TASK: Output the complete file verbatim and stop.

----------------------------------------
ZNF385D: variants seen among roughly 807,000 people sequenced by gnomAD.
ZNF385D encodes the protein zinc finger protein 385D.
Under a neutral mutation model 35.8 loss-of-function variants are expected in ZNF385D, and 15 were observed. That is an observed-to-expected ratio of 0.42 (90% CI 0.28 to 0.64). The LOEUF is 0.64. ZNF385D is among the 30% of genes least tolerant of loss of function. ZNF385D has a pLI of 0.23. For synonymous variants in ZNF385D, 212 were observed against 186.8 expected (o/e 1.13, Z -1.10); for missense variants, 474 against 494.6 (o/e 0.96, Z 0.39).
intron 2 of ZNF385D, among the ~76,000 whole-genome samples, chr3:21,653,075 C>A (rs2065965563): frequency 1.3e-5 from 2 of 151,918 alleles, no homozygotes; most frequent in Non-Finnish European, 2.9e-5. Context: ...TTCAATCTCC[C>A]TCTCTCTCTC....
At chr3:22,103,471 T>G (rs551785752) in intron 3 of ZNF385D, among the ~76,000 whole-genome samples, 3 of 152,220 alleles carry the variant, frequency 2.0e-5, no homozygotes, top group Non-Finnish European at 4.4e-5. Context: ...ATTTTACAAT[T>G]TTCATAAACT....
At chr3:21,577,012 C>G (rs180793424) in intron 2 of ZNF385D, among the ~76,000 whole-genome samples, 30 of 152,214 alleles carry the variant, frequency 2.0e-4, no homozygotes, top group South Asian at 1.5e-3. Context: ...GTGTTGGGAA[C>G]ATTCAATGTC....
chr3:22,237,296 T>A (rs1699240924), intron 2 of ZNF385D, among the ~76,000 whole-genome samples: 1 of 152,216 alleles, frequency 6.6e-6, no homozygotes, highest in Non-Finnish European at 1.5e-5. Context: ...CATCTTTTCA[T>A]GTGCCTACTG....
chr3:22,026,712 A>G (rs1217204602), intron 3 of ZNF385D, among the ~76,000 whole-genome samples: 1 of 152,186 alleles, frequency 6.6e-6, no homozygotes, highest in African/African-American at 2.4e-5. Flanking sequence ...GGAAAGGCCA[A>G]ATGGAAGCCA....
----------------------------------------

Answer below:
ZNF385D: variants seen among roughly 807,000 people sequenced by gnomAD.
ZNF385D encodes the protein zinc finger protein 385D.
Under a neutral mutation model 35.8 loss-of-function variants are expected in ZNF385D, and 15 were observed. That is an observed-to-expected ratio of 0.42 (90% CI 0.28 to 0.64). The LOEUF is 0.64. ZNF385D is among the 30% of genes least tolerant of loss of function. ZNF385D has a pLI of 0.23. For synonymous variants in ZNF385D, 212 were observed against 186.8 expected (o/e 1.13, Z -1.10); for missense variants, 474 against 494.6 (o/e 0.96, Z 0.39).
intron 2 of ZNF385D, among the ~76,000 whole-genome samples, chr3:21,653,075 C>A (rs2065965563): frequency 1.3e-5 from 2 of 151,918 alleles, no homozygotes; most frequent in Non-Finnish European, 2.9e-5. Context: ...TTCAATCTCC[C>A]TCTCTCTCTC....
At chr3:22,103,471 T>G (rs551785752) in intron 3 of ZNF385D, among the ~76,000 whole-genome samples, 3 of 152,220 alleles carry the variant, frequency 2.0e-5, no homozygotes, top group Non-Finnish European at 4.4e-5. Context: ...ATTTTACAAT[T>G]TTCATAAACT....
At chr3:21,577,012 C>G (rs180793424) in intron 2 of ZNF385D, among the ~76,000 whole-genome samples, 30 of 152,214 alleles carry the variant, frequency 2.0e-4, no homozygotes, top group South Asian at 1.5e-3. Context: ...GTGTTGGGAA[C>G]ATTCAATGTC....
chr3:22,237,296 T>A (rs1699240924), intron 2 of ZNF385D, among the ~76,000 whole-genome samples: 1 of 152,216 alleles, frequency 6.6e-6, no homozygotes, highest in Non-Finnish European at 1.5e-5. Context: ...CATCTTTTCA[T>A]GTGCCTACTG....
chr3:22,026,712 A>G (rs1217204602), intron 3 of ZNF385D, among the ~76,000 whole-genome samples: 1 of 152,186 alleles, frequency 6.6e-6, no homozygotes, highest in African/African-American at 2.4e-5. Flanking sequence ...GGAAAGGCCA[A>G]ATGGAAGCCA....